I have a couple of nightmare stories I've been storing for the future. Just may pop one out this weekend! Chef Horror stories, Bwahahahahah.

GrizzBabe said...

Refresh my memory. What did I do to warrant your gratitude?

Barbara said...

Just reading this makes me nervous. Coming from a family of 3 and having a family of 4, I never learned how to cook in large quantities. So the idea of Hollandaise with 90 eggs simply blows my mind. I picture myself opening those eggs and just as I dump in the 89th egg realizing it is rotten.

When I cook for a dinner party, I have a master time line for every single thing I need to do. Otherwise, I am likely to leave something half-made in the refrig.

I find this post incredibly interesting because we always wonder what really goes on behind the kitchen doors of an upscale restaurant.

If I ever give another really big party, I may just have to fly you in to manage the kitchen!

Head Duck Wrangler said...

Excellent Management Story - a version of that would read well in Business Week!
Quack, Quack!

soubriquet said...

Gordon Ramsay is famous here for being an utter prick.
In recent times the 'Celebrity Chef' has become a fixation of cheap tv programming.
And spats between rival chefs hit the news regularly. One who was local to me was Marco Pierre White, who trained Gordon Ramsay.... "Marco does, however, accept some responsibility for creating what he calls the “monster Ramsay” by exposing the future star of Hell’s Kitchen to daily rituals of humiliation, foul language, flying knives and almost unbearable pressure, as was the norm behind the scenes at Harveys. But Ramsay could take it. In fact, it wasn’t until his last day before going off to work for Albert Roux at Le Gavroche that the then youngster cracked.
“I can’t remember what it was about, but I yelled at him and he lost it. The next thing I knew he was sobbing in the corner, holding his head in his hands, with tears rolling down his cheeks. He was saying things like, ‘I don’t care what you do to me. Hit me. I don’t care.’”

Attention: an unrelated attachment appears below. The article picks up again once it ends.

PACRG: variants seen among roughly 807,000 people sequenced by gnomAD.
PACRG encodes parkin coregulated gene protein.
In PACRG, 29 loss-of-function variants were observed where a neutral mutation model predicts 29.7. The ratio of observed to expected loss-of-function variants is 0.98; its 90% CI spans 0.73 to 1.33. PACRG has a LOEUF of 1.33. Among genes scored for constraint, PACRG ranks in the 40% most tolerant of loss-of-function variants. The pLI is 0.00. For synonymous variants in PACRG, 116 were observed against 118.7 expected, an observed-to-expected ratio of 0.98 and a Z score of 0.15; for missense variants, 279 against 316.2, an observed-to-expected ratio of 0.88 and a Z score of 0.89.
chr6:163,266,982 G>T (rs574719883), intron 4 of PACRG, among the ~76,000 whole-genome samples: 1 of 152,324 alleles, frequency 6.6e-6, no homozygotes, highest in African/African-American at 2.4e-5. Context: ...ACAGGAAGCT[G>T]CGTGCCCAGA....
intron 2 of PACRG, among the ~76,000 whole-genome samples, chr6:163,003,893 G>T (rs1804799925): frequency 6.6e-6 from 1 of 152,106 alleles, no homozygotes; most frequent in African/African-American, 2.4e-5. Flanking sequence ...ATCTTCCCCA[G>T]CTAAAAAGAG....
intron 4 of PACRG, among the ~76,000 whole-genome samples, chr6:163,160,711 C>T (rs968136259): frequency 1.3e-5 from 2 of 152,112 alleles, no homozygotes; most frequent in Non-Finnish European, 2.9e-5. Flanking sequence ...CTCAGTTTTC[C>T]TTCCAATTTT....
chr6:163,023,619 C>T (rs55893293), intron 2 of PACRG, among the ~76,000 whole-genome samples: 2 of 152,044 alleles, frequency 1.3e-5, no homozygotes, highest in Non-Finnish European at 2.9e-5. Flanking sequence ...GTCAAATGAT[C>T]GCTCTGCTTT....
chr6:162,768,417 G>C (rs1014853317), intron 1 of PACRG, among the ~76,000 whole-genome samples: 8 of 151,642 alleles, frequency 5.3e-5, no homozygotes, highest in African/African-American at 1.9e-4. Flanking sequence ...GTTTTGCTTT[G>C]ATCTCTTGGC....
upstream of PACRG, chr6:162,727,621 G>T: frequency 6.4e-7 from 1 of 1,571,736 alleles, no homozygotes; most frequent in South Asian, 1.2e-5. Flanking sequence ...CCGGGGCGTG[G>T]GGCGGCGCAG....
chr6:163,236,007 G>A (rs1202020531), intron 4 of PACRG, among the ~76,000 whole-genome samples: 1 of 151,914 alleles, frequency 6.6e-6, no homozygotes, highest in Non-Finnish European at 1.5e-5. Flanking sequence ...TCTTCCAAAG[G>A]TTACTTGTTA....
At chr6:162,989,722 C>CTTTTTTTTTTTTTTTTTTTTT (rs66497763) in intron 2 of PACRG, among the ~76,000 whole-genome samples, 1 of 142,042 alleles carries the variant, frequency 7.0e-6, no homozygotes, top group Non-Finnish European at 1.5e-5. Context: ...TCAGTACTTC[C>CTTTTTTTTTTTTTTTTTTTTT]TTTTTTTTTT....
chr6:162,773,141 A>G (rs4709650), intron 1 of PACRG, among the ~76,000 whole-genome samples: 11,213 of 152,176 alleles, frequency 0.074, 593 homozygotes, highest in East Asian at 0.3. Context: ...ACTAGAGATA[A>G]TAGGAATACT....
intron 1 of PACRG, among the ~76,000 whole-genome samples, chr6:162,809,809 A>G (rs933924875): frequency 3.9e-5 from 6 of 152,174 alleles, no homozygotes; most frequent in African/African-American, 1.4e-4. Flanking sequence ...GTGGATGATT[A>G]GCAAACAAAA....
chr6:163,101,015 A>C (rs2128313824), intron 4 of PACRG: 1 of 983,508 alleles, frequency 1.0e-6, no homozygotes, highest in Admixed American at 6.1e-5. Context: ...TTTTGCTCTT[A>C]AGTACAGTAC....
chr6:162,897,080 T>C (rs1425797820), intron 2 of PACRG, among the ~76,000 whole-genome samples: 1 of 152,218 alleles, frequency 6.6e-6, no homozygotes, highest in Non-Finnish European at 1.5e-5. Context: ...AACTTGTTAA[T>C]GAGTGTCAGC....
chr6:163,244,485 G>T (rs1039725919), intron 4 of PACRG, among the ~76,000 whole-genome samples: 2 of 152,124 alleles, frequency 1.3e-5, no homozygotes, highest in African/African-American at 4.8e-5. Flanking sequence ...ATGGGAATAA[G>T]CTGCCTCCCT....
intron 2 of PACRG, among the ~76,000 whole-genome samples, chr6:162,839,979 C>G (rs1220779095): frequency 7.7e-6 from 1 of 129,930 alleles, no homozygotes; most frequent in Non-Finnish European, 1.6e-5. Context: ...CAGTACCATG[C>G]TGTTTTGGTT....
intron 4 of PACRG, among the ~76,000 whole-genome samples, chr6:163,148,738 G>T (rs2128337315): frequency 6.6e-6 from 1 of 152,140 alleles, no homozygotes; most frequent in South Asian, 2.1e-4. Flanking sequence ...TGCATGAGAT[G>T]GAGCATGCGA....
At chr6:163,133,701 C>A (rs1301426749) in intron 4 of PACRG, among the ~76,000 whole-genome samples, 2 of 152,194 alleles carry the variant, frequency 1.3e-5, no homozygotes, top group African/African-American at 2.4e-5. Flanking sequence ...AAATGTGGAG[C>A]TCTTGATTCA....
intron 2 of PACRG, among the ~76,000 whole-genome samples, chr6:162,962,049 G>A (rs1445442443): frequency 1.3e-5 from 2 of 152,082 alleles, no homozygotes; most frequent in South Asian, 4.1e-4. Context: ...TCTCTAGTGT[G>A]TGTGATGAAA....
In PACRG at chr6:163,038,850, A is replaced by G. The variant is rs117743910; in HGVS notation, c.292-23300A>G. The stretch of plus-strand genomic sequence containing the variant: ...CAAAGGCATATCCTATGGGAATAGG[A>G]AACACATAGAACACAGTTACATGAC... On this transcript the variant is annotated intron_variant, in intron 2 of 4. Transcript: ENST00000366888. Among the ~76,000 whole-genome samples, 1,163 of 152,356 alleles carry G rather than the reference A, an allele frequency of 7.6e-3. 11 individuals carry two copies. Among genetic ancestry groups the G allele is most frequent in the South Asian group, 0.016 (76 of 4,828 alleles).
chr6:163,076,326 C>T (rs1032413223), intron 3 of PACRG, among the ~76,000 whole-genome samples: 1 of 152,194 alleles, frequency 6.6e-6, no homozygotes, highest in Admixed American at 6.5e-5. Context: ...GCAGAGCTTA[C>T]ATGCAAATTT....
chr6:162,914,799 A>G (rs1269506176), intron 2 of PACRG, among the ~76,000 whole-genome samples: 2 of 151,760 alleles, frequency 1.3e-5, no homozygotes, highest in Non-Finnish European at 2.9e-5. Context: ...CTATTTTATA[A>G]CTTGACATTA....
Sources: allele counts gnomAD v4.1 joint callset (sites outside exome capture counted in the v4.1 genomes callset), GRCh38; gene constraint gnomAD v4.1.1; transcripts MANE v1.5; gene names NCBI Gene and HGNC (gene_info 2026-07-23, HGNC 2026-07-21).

Marco insists that his harsh regime at Harveys was not manufactured. “I was just concerned with what was going on people’s plates. If you hadn’t been to Harveys you hadn’t been anywhere.” Ramsay has gone on to be a bigger star, but Marco doesn’t regard him as a chef at all, not any more.
“You can’t be a chef and appear on television all the time. It’s impossible. At least when I earned my stars I was always behind my stove."
It seems some chefs rely on fear to dominate their staff, Ramsay certainly does, but as you say, I can't see that such a regime will bring the best out of a team.

Mother of Invention said...

I can see how it would take a lot of calm, patience and planning to pull off a good job.

I sure couldn't do it...I'm not really an admin and manager of people type plus I can't cook !

No wonder you got burned out.

red dirt girl said...

hey! do you remember that scene in the shining where Jack Nicholson says,"i'm back ...." or something like that.

i never liked this show. i don't like people who enjoy belittling others in public. i don't like people who enjoy belittling others - period.

steve said...

Gewels- it all just comes down to having good manners and being polite, no?

Malu;its very hard work.

Ol lady; Looking forward to it...I don't have to tell you that even good chefs can be assholes!

I wish i could remember...probably had something to do with you and the collaboration you had with Success Coach for a while.

barbara; i'd love to come up...but I keep telling my daughter that I can't cook worth a damn anymore...i keep trying to 'wing-it" like I know what i am doing, but itas not my second nature anymore...I actually have to use a measuring cup to make pancakes these days...I havent used a measuring cup since i don't know when!

Business Week? Really? Royalties?

souby; That sounds about right...what I don't say in the Post is that most Chefs go through a Stage like hells kitchen before they discover that all the Drama isvery uneccessary and then we spend years unlearning what Ramsey is selling.

mom- i bet yiou make a nice rhubarb pie!

RDG- Wecome back, so sorely missed you have wonder i have lost my inspuiration/ really says a lot about people, don't it, when Simon cowell, Donald "You're fired " Trump, and Jerry Springer become folk heros for just being small and mean...

red dirt girl said...

my thoughts exactly, cowboy ! it's good to be back and take 'my place' in the line-up ..... hee, hee.